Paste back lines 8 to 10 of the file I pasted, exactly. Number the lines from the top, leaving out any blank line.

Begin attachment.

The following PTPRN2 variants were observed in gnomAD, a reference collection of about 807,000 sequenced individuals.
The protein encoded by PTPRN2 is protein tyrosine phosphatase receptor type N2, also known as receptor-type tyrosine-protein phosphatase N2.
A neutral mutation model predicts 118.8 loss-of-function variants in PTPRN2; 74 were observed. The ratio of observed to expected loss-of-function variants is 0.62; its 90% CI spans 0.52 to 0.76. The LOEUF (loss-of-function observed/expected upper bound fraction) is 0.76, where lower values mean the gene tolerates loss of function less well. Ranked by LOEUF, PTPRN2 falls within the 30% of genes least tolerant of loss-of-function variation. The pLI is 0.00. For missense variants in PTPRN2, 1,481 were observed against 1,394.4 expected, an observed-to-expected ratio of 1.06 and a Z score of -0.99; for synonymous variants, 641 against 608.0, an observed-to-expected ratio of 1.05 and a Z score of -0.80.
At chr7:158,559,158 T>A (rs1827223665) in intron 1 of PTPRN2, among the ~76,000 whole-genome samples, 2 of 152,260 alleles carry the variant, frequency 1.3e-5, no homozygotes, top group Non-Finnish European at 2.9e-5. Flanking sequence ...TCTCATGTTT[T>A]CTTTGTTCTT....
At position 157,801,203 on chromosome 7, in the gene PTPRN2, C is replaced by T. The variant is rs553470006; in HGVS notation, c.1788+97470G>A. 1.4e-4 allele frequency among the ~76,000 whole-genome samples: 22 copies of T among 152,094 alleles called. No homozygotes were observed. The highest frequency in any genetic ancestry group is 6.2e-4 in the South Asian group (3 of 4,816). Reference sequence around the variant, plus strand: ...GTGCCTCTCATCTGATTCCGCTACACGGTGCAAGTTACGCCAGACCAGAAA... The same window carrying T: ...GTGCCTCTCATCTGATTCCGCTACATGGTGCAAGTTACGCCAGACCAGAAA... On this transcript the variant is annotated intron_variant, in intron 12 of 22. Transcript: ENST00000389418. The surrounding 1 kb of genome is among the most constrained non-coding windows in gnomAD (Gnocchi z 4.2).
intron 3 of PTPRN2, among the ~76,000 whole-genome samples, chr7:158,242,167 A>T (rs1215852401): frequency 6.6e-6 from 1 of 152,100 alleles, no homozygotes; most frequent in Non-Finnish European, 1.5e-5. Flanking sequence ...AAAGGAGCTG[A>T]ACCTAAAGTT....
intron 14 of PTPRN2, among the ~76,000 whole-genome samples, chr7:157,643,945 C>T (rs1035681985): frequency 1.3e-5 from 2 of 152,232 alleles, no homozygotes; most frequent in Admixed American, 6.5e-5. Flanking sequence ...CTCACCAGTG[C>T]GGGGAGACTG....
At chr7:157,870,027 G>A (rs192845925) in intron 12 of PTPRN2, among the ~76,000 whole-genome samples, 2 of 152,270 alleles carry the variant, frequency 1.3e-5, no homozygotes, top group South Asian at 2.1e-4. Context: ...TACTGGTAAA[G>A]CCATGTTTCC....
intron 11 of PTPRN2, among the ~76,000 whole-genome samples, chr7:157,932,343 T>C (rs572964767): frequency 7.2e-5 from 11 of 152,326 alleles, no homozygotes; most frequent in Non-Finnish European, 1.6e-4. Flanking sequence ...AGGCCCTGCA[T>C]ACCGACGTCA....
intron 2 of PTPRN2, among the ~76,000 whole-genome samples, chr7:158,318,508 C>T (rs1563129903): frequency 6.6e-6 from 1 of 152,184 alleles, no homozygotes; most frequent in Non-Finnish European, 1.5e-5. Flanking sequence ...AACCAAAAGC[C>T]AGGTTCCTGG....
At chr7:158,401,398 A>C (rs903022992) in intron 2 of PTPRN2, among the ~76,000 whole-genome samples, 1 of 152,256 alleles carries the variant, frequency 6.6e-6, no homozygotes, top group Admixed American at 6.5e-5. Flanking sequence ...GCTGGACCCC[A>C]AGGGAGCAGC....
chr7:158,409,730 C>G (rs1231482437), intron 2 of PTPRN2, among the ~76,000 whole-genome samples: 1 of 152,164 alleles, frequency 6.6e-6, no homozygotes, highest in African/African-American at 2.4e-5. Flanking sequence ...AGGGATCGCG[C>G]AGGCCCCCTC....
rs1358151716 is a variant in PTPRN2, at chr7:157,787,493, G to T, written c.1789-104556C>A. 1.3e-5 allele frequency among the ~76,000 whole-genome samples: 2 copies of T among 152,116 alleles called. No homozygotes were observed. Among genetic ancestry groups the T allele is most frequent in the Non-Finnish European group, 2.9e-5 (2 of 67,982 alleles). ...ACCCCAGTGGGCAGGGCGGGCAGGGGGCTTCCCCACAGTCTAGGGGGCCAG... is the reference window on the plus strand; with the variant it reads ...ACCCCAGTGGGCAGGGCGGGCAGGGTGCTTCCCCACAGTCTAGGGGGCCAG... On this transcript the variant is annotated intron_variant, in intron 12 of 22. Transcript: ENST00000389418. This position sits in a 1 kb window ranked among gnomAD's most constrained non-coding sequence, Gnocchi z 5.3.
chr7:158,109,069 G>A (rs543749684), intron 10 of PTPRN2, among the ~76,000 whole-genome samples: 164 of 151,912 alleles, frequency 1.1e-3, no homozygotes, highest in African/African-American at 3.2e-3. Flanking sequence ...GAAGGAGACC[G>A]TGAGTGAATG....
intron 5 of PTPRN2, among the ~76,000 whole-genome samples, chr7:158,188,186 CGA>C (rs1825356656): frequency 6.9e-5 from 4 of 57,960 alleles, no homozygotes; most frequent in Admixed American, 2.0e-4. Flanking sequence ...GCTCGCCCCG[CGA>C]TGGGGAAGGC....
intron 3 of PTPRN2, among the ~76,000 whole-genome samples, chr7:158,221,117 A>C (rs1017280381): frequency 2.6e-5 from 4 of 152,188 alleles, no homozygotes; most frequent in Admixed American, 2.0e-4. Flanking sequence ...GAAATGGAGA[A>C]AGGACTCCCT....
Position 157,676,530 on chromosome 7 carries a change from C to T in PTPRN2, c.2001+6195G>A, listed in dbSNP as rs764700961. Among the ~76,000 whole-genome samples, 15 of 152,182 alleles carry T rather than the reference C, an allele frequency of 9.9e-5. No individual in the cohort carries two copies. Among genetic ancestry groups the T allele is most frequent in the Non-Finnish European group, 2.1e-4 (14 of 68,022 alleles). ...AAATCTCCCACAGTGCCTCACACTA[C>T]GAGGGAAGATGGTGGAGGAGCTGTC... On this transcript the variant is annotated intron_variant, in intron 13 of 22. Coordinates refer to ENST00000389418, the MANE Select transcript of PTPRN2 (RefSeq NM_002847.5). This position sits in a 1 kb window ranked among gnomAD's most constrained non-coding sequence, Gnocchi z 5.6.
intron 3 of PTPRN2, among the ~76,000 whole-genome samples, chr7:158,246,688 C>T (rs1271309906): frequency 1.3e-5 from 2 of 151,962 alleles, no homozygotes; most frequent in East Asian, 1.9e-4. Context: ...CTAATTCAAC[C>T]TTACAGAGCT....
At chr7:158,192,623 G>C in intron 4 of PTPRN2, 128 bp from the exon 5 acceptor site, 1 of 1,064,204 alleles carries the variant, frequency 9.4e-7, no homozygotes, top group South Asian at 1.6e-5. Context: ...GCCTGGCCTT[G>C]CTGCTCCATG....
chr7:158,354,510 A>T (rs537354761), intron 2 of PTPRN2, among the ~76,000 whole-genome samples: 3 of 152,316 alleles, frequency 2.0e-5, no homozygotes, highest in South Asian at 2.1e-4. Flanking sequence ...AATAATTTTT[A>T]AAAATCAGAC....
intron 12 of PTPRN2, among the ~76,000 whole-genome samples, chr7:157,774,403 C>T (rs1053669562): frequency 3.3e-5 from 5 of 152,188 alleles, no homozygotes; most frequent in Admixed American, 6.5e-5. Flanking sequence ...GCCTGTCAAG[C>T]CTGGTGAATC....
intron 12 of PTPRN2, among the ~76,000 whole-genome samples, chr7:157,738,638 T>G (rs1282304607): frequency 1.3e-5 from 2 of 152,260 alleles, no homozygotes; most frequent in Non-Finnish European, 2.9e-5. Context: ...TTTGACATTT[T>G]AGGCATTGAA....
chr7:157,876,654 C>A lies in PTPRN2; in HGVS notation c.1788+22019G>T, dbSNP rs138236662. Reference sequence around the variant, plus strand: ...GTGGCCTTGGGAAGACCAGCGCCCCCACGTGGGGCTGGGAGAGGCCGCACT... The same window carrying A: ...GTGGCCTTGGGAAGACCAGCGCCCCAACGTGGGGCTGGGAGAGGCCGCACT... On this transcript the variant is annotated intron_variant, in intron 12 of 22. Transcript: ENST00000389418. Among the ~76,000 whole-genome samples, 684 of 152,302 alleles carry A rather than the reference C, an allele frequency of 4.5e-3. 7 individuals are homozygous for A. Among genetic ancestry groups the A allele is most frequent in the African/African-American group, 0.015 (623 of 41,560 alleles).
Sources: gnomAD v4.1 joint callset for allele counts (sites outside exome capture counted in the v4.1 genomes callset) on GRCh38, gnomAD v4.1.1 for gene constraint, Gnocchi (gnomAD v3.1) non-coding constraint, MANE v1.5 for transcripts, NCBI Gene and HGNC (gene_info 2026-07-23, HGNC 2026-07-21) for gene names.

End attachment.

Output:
At chr7:157,870,027 G>A (rs192845925) in intron 12 of PTPRN2, among the ~76,000 whole-genome samples, 2 of 152,270 alleles carry the variant, frequency 1.3e-5, no homozygotes, top group South Asian at 2.1e-4. Context: ...TACTGGTAAA[G>A]CCATGTTTCC....
intron 11 of PTPRN2, among the ~76,000 whole-genome samples, chr7:157,932,343 T>C (rs572964767): frequency 7.2e-5 from 11 of 152,326 alleles, no homozygotes; most frequent in Non-Finnish European, 1.6e-4. Flanking sequence ...AGGCCCTGCA[T>C]ACCGACGTCA....
intron 2 of PTPRN2, among the ~76,000 whole-genome samples, chr7:158,318,508 C>T (rs1563129903): frequency 6.6e-6 from 1 of 152,184 alleles, no homozygotes; most frequent in Non-Finnish European, 1.5e-5. Flanking sequence ...AACCAAAAGC[C>T]AGGTTCCTGG....